So it is a new year. It’s The New Year, and if you’re anything like me you are undoubtedly working on potential excuses to not have a resolution. It’s not a skill issue, I mean, I’ve done it before. Picking goals, keeping track, making sure everyone knows what true focus looks like. It’s not rocket science, it’s not even preschool science and yet at the end of the year I can’t even manage to pull together a token goal to impress my friends with.
The whole concept of making a New Year’s resolution is something so common that realistically I could or maybe should plunder the hopes and dreams of those around me. Just steal a resolution or two and play it off like I came up with it. That could work, right? Maybe embezzle a goal from the wife, or ransack the plans from my Dad. Heck, Pops and I look the same, maybe what he has planned for 2017 could work for me.
I honestly looked into it. No joke. I actually typed these words into Google, “Best New Year’s resolution ideas for 2017,” and I doubt any surprise will come from what I found on the results page. Take a guess on what the #1 thing on the list is. Oh and it is number 1 by a mile… Lose weight. So there you go, step one done. This should be my first and only stop in the resolution planning department but the fact that it’s so simple, and so necessary makes me think twice about it. So to me, I liken this to the moment when the percentage of answers on a Scan Tron test are “C” and I go back and erase half of them to make things seem more, well, balanced. The same answer so many times, that just can’t be right! Those of you reading this may have actually uttered the words, “That doesn’t work,” like Mrs. Gladstone just did, then you can take comfort in the fact you are a normal, possibly a well-adjusted individual because the Scan Tron thing, yeah, doesn’t work.
But like I said, I looked into it. According to Statisticbrain.com almost 22% of the New Year’s resolutions for 2017 are either weight loss, or eating healthier followed by some sort of life, or self-improvement. After those two which are really good resolutions come making better financial decisions and quitting smoking. Gosh, the hit parade of great ideas just keeps on marching along and yet I am still not even close to motivated to choose one. Also on the list is spending more time with family, finding a better job, and doing more good deeds. Yep, all good things, all good things. All things worthy of being called New Year’s resolutions and all of those things, except for the smoking bit, could enrich my life. I really couldn’t have asked for a better road map to success.
The Egalitarian in me keeps searching the web and is excited to read that only 41% of Americans actually makes a New Year’s resolution. Seriously, 41% of Americans. So I am normal, at least in this respect and then I find it. There it is, right there, sitting near the bottom of the page in the same black text on white background as everything else. And as I read the page I actually catch myself saying out loud, “Nine freaking percent,” and what could be interpreted as shock is actually the most informed I have been since starting this quest. According to the same site only 9% of Americans actually feel like they reached the goal they set when making their New Year’s resolution.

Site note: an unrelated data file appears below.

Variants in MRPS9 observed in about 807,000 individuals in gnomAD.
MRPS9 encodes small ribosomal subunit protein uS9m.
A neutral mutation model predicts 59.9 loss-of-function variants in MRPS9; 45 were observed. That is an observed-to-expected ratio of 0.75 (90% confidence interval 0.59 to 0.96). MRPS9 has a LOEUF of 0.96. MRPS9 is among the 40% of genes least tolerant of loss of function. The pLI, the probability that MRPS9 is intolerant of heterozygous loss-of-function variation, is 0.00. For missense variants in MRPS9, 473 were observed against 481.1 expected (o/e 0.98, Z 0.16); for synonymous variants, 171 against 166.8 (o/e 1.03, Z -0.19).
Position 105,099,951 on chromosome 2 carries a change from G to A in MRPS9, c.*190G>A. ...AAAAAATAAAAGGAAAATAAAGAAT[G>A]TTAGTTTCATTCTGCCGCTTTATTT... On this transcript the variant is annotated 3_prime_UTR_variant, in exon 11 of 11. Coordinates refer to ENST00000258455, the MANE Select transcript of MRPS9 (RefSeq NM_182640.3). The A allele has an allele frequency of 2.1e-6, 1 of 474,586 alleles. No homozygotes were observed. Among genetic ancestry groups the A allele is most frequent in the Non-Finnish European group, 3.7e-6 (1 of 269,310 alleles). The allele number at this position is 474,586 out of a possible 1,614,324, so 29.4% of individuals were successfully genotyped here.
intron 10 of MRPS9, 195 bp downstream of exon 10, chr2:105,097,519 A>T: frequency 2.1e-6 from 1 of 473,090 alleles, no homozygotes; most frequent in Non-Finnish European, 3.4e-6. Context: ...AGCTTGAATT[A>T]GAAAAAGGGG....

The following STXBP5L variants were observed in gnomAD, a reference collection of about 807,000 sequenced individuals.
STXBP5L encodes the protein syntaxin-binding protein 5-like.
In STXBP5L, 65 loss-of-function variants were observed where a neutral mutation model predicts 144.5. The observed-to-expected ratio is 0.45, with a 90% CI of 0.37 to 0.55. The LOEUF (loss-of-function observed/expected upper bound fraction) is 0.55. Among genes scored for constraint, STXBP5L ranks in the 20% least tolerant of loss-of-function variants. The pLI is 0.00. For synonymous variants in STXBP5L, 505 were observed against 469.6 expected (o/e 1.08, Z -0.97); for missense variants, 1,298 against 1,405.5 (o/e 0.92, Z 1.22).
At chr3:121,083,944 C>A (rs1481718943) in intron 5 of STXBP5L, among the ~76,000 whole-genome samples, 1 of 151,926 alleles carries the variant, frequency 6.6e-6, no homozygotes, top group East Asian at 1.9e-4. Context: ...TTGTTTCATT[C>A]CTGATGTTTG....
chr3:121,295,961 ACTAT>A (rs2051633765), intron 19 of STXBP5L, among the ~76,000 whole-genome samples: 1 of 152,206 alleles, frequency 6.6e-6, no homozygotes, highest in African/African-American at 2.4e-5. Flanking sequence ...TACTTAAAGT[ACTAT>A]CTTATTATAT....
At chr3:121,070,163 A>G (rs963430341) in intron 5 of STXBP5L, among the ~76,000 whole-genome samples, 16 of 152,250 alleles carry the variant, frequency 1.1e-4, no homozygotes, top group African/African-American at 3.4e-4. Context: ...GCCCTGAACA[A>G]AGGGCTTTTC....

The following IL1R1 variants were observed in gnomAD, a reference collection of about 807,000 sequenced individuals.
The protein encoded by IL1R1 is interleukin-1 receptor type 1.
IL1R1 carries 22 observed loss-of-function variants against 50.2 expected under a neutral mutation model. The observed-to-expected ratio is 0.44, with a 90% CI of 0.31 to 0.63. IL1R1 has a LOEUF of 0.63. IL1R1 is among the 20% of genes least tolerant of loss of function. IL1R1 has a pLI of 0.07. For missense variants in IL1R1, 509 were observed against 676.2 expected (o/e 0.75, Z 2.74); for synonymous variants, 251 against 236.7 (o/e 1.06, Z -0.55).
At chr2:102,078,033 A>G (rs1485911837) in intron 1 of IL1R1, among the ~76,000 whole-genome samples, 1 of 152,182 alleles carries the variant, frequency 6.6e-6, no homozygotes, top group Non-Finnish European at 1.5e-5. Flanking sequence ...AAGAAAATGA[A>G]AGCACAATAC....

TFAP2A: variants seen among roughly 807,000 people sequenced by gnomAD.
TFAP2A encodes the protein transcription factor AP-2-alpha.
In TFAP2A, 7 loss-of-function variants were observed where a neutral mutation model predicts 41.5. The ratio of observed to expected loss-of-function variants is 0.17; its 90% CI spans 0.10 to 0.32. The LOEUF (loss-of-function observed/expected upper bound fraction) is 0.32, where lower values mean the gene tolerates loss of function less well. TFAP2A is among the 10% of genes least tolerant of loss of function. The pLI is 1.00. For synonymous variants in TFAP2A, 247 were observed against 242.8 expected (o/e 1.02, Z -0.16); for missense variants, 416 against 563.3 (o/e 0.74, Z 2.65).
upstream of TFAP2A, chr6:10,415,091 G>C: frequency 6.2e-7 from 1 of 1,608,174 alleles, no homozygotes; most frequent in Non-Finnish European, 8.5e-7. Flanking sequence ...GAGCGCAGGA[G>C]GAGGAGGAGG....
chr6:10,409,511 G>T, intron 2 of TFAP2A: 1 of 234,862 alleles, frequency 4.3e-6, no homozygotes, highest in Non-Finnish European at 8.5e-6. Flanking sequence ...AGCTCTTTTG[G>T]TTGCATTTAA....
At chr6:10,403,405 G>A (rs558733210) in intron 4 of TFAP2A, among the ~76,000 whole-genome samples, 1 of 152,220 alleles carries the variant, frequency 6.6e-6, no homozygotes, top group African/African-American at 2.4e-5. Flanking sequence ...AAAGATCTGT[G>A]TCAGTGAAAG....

So out of 100 people only 41 make a New Year’s resolution. Out of those 41 less than 4 people will actually feel like they were successful in hitting their goal for the new year. Less than 4 people! That’s crazy pants! This kick starts the debate of why the heck would anyone set a goal if people fail so frequently? It also forced me to think about why people fail. And most of all it really helped me drive home how important the actual resolution is to the overall process. Yes, the resolution to pick actually matters!
Dear diary, this year I want to lose 80 pounds and have a 6 pack, oh no wait, an 8 pack before summer. Nope, not going to happen, ever… At least not for me. Dear diary, I want to get promoted and be rich. Yeah, that isn’t going to happen either. But it’s not all bad. Nope, the whole idea of setting the resolution and the process of trying to achieve the resolution seems to actually be the biggest part of the journey. People dream big, and really try to fix large personal issues in one fell swoop all for the sake of ringing in the new year with a bang. So here I am, sitting here avoiding the process of bettering myself because of what? Because I don’t want to commit? Because I don’t want to be like everyone else? Because it is just too hard?
I don’t actually know. I honestly have no idea but what I do know is every single year I do actually want to commit to something. So this year I plan to try a bunch of things. I plan to be a better father and husband. I plan to eat less food fried in oil, or fat, or grease, or things that make food taste good. I plan to work harder, and be a better boss. I plan to spend more time with the kids. I plan to pet my dog more often. I plan to love. Every gosh darn day I plan to love. I plan to love myself, others, my family, my job, everything… It might not be the best or clearest resolution but at the end of the day it’s something important to me. Maybe I land in the 9% or maybe I don’t, but at the end of the day I am going to have a whole lot of fun trying.
Happy New Year and #StayTwined